Job Seekers

Pretty much everyone realizes by now that the digital age has sped up pretty much everything we do. And yet, it takes longer than ever to do things we never did before. This is especially true at the office, where time management tips did not have to include warnings about surfing the internet, checking personal email or sending instant messages. Because . . . none of that stuff was possibly 30 years ago. time management

Here are ways to improve your time management at the office

For anxious job seekers, resume lies are of the most common ways that some people stretch the truth.  If your conscience does not keep you from deceit, the fact that human resources professionals are on to the game should. Surveys found that these professionals have increased the amount of time they spend checking references in the last three years. Remember every lie needs another one to back it up.  Don’t do it. Seriously.

resume lies

Here are some of the most common resume lies:

We are a small business nation. No matter how much you hear about Wall Street or Big Pharma or even Hollywood, millions of Americans work for small businesses. And more and more people want the ultimate small business – a company of one. They want to be a successful solopreneur – permanently, not building an empire, but a happy cottage. But it’s not for everyone.

successful solopreneur

Can you become a successful solopreneur?

There are some reports that your job search should average one month for every $10,000 of annual salary you wish to earn – so your next $60,000 per year job should take about half a year to land. But what if it’s been much longer than expected and you’re still unemployed? Is that because you’re doing something wrong? Just unlucky? Just impatient?

why you're still unemployed

Here are reasons you’re still unemployed:

Even if you can’t ask for it like Aretha, you know how important it is to be respected at work. Whether you’re the least experienced or in the corner office, feeling valued and important can be worth more than your paycheck. And it can take doing just a few things right -- or wrong – to gain or lose respect. respected at work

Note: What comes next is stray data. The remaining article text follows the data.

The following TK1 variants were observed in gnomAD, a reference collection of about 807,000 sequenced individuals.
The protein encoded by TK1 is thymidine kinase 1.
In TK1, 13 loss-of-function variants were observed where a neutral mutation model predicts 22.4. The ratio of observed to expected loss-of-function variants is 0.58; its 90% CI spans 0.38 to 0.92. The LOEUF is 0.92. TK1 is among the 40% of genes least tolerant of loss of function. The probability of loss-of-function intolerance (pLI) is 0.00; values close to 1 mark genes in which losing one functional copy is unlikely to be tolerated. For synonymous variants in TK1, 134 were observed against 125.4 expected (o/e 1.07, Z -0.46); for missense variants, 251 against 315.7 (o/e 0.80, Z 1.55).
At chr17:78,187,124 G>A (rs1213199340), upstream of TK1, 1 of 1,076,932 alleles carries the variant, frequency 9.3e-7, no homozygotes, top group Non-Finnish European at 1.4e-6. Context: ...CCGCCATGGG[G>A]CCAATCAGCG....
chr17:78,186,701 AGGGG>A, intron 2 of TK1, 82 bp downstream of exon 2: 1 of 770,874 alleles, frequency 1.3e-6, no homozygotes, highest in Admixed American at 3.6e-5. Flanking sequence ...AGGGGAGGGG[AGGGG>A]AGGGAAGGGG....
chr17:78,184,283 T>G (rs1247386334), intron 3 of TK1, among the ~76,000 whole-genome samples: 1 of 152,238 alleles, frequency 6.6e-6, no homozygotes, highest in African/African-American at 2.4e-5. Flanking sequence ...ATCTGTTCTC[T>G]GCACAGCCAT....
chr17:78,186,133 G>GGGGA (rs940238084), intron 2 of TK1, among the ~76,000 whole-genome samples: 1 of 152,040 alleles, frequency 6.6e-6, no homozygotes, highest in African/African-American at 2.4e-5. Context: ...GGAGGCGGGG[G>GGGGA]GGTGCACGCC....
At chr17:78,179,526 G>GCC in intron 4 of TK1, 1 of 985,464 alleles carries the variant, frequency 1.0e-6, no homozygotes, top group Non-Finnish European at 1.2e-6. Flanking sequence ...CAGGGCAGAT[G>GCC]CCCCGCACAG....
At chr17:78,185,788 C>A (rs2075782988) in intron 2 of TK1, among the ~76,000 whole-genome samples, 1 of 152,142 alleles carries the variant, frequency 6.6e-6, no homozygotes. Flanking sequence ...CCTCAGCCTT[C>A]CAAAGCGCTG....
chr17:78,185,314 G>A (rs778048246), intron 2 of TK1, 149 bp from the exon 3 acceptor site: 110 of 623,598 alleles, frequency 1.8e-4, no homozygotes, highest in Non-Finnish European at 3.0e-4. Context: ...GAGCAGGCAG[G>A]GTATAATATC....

What you can do to get (and stay) respected at work:

Whether you are new to the work force or just new to your current company, if you are starting at the bottom, you’re not alone. It’s not unusual to start a job with very little experience, and therefore find yourself the junior person in the room. But you can maximize your entry-level job to build your future. You might not go right from taking coffee orders to taking meetings, but you can find opportunities everywhere, if you know how. make the most of your entry level job

How to use make the most of your entry-level job:

If you’ve been out in the workforce for more than a decade, you may feel that you have become somewhat of an expert – or at least very confident – at what you do. For some, that means better pay, a higher position, and more job security. But some people start to toy with the idea of going back to school mid-career. While ten years into a legal or medical career is still fairly new to the job, for most industries people feel pretty seasoned by the ten-year mark. And that’s fine…unless it isn’t. going back to school mid-career

Is going back to school mid-career a good idea? Maybe.

It’s one thing to decide to get a new job and understand that a new job means you have to get used to new rules and new expectations. But it’s quite another when you’re in the same job, at the same company doing the same thing. And then you get a new boss. Maybe it’s someone from a different part of the company. Or maybe it’s a total outsider. But suddenly you are the one who might have to change. new boss, new rules

How you might need to change if you get a new boss:

So you’ve decided, as the old song says, “you can take this job and shove it”? Too many hours? Not enough dollars? Awful commute? Bored out of your mind? There are lots of good reasons for why you want to leave your job. But you should know them and understand them. If you don’t. . .maybe wait until you do. want to leave your job

If you want to leave your job, make sure you know why.

Whether you’re actively in the market for a new job, or just casually pondering looking for a new opportunity, you should consider doing informational interviews. The benefits are more significant than apparent, and they are great preparation for interviews for an actual position.

informational interviews

Here are some reasons to consider informational interviews: